- Of course it is. Lviv is known for its coffee shops, and Uzhhorod for its coffee," Oleksii repeats one of the main Transcarpathian "laws".

Lyubetskyi says that once every month and a half, the soldiers receive a pineapple in their food package, in addition to meat, vegetables and the usual fruits.

- This is from the state. And from the volunteers we get a lot of goodies, Transcarpathian local food and specialties. Once we were brought to our position Sehidyn goulash [a traditional dish of sauerkraut and smoked sausages, which migrated from Hungary to Transcarpathian cuisine - author]! We in the unit joke about it in such cases: "If possible, try to be born in a rich family or in Transcarpathia, and if you go to serve, get into the Transcarpathian TRO.


Oleksii Lyubetskyi was expecting a big war, so he went to the military registration and enlistment office at the beginning of the invasion.

- "I came with two pairs of boots, demi-season and summer, a uniform, tactical pants, a helmet, a turnstile and an understanding of how to use it. That's how I became a combat medic in a fire support company. I do not have a medical degree, I have tactical training. Since the beginning of the invasion, I have fired twice at the positions. But I'm a combat medic, so it's normal. When my comrades in Klishchiyivka [a village near Bakhmut - author] fought with the Russians for 9 hours without a break, they were 10 meters away from the enemy, and I was 500 meters away from them, at the evacuation point. Although I also had trips to "Zero", where my comrades and I took the bodies of our soldiers, I consider my army experience to be relatively modest. If I evaluate my service in the army on a scale from zero to ten, where 0 is the Uzhhorod military enlistment office and 10 is assault brigades, I give myself a 5 to 7 in different situations. As the saying goes, he was supposed to serve in Lumshory [Lumshory is a resort in Transcarpathia, known for its mineral water vats - author], but something went wrong," the "Italian" jokes.

Serving in the TRO, and in the army in general, is mostly boring, says Oleksii.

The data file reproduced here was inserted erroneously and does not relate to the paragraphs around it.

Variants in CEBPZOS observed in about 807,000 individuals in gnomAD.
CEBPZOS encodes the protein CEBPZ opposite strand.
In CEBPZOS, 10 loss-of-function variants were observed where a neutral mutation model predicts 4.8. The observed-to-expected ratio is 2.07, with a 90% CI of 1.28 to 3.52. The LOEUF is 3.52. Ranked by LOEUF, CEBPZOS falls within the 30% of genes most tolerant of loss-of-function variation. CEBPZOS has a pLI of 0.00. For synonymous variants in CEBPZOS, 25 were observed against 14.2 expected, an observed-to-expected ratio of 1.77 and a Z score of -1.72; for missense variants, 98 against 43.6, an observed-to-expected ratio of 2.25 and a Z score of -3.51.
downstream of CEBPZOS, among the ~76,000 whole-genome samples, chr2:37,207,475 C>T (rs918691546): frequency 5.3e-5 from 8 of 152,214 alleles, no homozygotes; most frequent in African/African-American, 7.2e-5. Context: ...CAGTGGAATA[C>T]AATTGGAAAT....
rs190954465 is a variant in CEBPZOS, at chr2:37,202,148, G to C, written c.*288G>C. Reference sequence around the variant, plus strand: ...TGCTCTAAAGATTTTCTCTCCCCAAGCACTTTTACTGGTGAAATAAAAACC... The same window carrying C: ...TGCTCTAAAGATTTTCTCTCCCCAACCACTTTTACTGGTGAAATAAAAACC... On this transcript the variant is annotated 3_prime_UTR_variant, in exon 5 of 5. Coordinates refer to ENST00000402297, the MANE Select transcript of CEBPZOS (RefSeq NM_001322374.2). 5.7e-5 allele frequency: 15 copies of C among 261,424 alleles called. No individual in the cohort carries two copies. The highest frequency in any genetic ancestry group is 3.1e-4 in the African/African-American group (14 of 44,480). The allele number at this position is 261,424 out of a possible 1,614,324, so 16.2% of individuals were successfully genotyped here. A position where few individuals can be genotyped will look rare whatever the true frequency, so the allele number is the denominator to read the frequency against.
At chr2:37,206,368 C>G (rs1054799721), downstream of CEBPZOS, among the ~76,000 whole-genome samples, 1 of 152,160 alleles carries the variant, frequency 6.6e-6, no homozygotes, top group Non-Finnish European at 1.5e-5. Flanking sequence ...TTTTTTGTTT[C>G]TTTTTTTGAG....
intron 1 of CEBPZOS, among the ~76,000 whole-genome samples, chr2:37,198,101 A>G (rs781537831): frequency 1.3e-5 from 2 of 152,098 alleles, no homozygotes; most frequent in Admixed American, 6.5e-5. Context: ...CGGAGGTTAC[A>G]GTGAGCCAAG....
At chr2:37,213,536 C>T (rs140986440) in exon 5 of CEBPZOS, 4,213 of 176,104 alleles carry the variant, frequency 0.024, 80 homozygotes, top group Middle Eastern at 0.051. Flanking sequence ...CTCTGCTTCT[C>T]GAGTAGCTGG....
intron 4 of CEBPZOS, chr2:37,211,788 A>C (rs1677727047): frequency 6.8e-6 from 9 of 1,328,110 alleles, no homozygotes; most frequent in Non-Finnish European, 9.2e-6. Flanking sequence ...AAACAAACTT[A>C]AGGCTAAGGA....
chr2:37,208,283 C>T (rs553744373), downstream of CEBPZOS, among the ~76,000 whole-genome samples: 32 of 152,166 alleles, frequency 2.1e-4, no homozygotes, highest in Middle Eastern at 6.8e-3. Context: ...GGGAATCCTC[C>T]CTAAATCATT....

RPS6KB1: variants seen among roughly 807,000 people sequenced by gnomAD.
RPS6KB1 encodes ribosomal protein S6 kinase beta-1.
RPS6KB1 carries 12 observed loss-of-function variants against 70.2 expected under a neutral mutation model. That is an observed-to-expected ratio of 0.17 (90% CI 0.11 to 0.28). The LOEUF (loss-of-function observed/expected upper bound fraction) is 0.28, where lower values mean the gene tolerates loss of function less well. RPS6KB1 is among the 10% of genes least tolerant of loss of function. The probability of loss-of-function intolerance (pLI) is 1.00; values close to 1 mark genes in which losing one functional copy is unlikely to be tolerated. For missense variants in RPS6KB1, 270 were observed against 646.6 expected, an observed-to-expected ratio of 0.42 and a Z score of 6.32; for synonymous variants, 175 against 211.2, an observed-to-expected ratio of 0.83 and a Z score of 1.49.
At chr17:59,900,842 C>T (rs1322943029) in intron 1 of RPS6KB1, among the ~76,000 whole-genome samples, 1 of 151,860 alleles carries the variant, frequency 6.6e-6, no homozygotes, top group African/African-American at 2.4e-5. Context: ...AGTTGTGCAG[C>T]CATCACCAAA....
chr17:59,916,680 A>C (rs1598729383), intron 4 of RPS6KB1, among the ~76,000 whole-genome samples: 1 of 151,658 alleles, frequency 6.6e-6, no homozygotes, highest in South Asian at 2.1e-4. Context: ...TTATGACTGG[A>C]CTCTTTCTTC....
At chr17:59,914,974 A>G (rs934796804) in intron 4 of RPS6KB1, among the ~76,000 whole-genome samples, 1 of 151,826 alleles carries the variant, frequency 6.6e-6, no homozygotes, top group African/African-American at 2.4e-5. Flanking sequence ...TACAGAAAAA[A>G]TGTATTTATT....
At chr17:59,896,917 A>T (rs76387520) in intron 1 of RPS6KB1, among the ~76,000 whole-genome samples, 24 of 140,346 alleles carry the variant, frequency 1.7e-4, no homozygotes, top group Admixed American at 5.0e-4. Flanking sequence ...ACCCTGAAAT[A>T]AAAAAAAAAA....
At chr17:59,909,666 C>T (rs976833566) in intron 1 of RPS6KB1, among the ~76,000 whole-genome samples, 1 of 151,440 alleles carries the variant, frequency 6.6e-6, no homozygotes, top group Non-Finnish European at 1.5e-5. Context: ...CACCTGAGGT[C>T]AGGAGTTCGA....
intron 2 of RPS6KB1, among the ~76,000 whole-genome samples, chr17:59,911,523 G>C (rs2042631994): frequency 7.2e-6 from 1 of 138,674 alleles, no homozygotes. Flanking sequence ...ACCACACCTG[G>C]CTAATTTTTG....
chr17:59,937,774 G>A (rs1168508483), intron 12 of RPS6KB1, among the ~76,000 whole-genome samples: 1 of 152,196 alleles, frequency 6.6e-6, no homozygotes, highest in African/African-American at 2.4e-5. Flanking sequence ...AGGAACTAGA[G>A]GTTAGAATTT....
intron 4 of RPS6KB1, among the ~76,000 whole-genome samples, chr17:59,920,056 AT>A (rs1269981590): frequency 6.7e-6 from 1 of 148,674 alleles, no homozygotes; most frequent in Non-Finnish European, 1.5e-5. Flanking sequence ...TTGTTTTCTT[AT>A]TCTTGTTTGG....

- "It's 90% routine: cooking, digging in, give orders, digging garbage pits, going to buy food... The only thing I don't like in the army is the treatment of some as "white" and others as "black", and I always criticize this very harshly. Although, since we are a TRO unit and the vast majority of our personnel are civilians, we do not have a military ethos. Our commander is a former teacher, and we communicate with him in Spanish most of the time," says Oleksii.


I wonder how true are the stories about Transcarpathians at war - that they can talk into the radio without hiding, because the Russians do not understand the dialect and do not know what they are talking about.

- This is, of course, more of a military fable than a practice, because in the combat zone, they communicate very little on radios so that the enemy does not have time to locate them, and they speak very quickly and to the point. Our battalion has another trick: we call the points on our positions by Transcarpathian place names. For example, like the villages in Perechyn district - Simer, Zarichevo, Bereznyi, Vorochevo. This tradition travels with us from trench to trench.

However, the soldier says, there is a thing: whatever you add the word "Transcarpathia" to, it immediately becomes a meme.

- It's like with the Transcarpathian code language in walkie-talkies. We are currently holding a large-scale fundraiser for the battalion, buying 68 FPV drones, so we say that this is a fundraiser for the Transcarpathian Air Force. It would also be great if we had satellite imagery data in some areas - then we could talk about the 'united Space forces of Transcarpathia'," laughs the Italian.

After the Victory, they dream of creating a monument in honor of their separate 68th Battalion.

- It will be a wall with "rock inscriptions" about episodes from the battalion's life that only those who served in it will understand. For example, one of our fighters with a baseball bat. Or another who shot at drones - and hit them!

- "Is this subculture in the army a rule or are you in the Transcarpathian TRO rather an exception?" I ask Oleksii.

- "We talked to other units, and there are much fewer "jokes" like ours in Zakarpattia. But to talk about their peculiarities, you need to be inside.

You really know something and can only talk about your unit, the soldier emphasizes. - "It's very annoying when you come to the rear and they start asking you to tell them what's really going on at the front, you're from there! And you know only about your own part of the front, and you learn about everything that happens beyond it from the news and TV channels. Or you can ask your friends if they are in positions nearby. General Zaluzhnyi doesn't write to us every morning in the work chat: "Okay, guys, today we are taking this village, what do you think, your thoughts, suggestions?" and you don't write back, saying, "I think I would rather take this village than this one today. Therefore, if a soldier from the frontline "reliably" describes the situation at the front, you should not believe it," Lyubetskyi assures.